For the first half of the season, I will be bringing you The Thursday Three. This article will cover three schematic points as related to the NFL; the three points may connect to a game plan, specific concepts, or something else interesting across the league.
To this point, I have written about Miami’s motion adjustment, the Crunch run concept, the differences between Cover 6 and Cover 8, the coverage concepts Zeus and Ring, the run concepts Counter Solid and Duo Kick, and Cover 2 Invert.
This week I am covering Lookie Jaguar, the Wipe tag to Outside Zone, and the shot play Hiccup.
When Brandon Marshall asked Kyle Shanahan what his go to play call was, Shanahan, after asking what the coverage was, firmly delivered Lookie Jaguar.
Lookie Jaguar is a pass concept with the goal of giving a star receiving threat a two-way option based on the coverage, almost always run from an Empty formation. Defenses generally will line up their nickel defensive back to the three-receiver side in the above picture, which can leave the unenviable task of covering the Lookie route to a linebacker.
The Lookie route is a type of option route that gives the receiver a two way go. If the receiver is being defended from the outside, they can break inside on a quick slant. If the defense commits to blocking off the inside, the receiver can instead break out into open space.
The Jaguar part of the concept refers to the three receivers to the right side in the above picture. The two inside receivers will both stem vertical for around five yards and break outside to make it look like they are running stick routes. After that, the inner most receiver will break up the field on a stick nod and the other receiver will return on a horizontal line across the field.
The two outer most receivers to each side will run outside release go routes that allow the concept to maintain proper spacing.
For the quarterback, the play unfolds sequentially from the Lookie route, to the stick nod, to the stick return. The two double moves off stick routes allow for receivers to run away from defenders and work into the quarterback’s vision if the Lookie route is double teamed.
Kyle Shanahan was not lying when he mentioned Lookie Jaguar as his go to call, as evidenced by the 49ers offense in huge games:
— Shawn (@SyedSchemes) January 24, 2022
In Week 3 against the Giants, the 49ers ran Lookie Jaguar after shifting out of a condensed set:
49ers in 22 personnel I formation with the defense in base. O shifts to empty and runs one of their favorite pass concepts. Earlier in the game, they used a similar alignment and shift to get to a screenhttps://t.co/Q5yzKwo1WQ pic.twitter.com/svOFMGyImR
— Shawn (@SyedSchemes) September 22, 2023
Here is an example where a linebacker vices Lookie route with another defender and forces the quarterback to their next read:
— Shawn (@SyedSchemes) August 21, 2022
Outside zone is a versatile run play that has built in answers to deal with different defensive fronts (more details hyperlinked here). For defenses that place one defensive tackle in the B gap between the offensive guard and tackle, offenses can run zone away from that side to capture the all-important B gap bubble.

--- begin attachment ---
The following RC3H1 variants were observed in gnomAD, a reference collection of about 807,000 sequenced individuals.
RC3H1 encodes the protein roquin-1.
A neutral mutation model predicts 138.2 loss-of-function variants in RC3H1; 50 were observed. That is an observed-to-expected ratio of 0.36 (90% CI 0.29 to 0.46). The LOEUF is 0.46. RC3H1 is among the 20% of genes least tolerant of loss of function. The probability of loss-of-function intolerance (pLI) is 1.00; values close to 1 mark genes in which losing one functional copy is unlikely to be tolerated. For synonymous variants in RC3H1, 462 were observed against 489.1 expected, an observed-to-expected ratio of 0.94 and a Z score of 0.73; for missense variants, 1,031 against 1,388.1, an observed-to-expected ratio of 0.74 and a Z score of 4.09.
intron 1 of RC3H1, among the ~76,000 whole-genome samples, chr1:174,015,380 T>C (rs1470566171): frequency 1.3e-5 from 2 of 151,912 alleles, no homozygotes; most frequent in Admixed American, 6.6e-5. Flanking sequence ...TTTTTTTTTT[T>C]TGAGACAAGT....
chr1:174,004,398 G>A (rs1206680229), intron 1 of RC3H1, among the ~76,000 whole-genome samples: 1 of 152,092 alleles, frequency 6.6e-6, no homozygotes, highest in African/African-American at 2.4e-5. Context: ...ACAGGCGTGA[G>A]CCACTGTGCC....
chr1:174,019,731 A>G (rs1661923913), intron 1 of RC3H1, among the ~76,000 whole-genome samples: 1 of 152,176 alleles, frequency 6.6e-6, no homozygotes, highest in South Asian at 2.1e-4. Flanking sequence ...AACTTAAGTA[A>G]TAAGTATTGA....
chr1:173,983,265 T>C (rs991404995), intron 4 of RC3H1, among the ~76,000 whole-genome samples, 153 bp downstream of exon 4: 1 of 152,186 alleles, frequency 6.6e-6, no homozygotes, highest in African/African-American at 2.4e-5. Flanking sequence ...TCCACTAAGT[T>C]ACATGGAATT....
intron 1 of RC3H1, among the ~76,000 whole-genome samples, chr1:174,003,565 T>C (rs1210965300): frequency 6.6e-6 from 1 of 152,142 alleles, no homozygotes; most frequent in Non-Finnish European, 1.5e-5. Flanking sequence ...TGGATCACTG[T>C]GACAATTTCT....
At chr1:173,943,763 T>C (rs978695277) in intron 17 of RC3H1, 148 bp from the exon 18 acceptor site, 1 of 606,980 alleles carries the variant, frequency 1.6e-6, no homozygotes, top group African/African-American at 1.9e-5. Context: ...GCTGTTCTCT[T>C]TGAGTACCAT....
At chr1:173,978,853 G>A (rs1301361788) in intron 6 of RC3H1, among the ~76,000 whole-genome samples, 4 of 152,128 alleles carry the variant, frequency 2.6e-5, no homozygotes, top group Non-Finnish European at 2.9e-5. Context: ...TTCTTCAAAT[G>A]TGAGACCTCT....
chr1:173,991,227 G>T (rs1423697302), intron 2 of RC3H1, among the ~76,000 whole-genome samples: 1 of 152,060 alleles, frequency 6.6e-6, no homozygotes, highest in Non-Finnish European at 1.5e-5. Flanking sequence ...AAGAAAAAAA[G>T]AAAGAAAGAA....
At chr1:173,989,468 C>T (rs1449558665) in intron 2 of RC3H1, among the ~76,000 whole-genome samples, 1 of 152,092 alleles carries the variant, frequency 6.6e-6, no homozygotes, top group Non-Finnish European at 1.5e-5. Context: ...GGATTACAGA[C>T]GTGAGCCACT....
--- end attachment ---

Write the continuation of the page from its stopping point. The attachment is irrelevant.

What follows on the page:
In the clip below, pay attention to the Center and Left Guard. They are responsible for double teaming the player lined up on the inside half of the left guard and working to the linebacker.
Beautiful mid zone rep from the Vikings. Flow helps pull the LBs in and sets up Cook’s cut. K.J. Osborn (17) in on the blocking too pic.twitter.com/c4lvGUBkXc
— Shawn (@SyedSchemes) September 26, 2022
Another way to deal with this sort of look is with a Wipe call. Wipe flips the responsibilities for the Center and the Guard to the play side. In our weak side zone example, Wipe allows the Guard to slam down with a leverage advantage against an interior defensive lineman, while the Center pulls into space with a running start at a linebacker.
It takes a certain type of Center to be able to do this, and Jason Kelce is more than happy to oblige. Here is an example of zone weak with a Wipe call based on the defensive front:
Wipe call with C/LG on zone weak for the Eagles. LG can pin the 2i while C pulls up to LB and avoid an awkward double team angle. Compare it to how they run zone weak to a 3 techhttps://t.co/rHcMGmZbEu pic.twitter.com/Z7MS61sEnB
— Shawn (@SyedSchemes) January 31, 2023
The second clip in the below reel shows a Wipe example. The other clips show zone running against looks that would not be conducive to a Wipe call:
The Eagles ran more wide zone with D’Andre Swift against Tampa Bay (clips here) after leaning heavily on inside zone against Minnesota pic.twitter.com/MLTsUQHtos
— Shawn (@SyedSchemes) September 26, 2023
Here is another example just for fun:
— Shawn (@SyedSchemes) September 19, 2022
To keep the defense honest on the back side of outside zone, offenses run play action movement/keeper plays. These plays generally include receivers on three different levels to stress the defense. Keeper passes often include a corner route as one of the levels of the concept.
In the below example, the receiver to the top of the screen is running the corner route:
— Shawn (@SyedSchemes) August 26, 2022
A shot play off the base keeper concept is Hiccup.
The goal of Hiccup is to sell the usual keeper pass to the defense. The offense wants every defender to feel like they have seen this play a thousand times. Once the defenders are comfortable and commit to the corner route, Hiccup sends a receiver or tight end on a corner post double move into wide open space.
The Lions ran it for a huge touchdown in Week 3:
Lions running Hiccup, details below pic.twitter.com/IBIaIbmuaW
— Shawn (@SyedSchemes) September 26, 2023
Teams will also run Hiccup out of shotgun and with different receivers on the corner post:
— Shawn (@SyedSchemes) September 20, 2023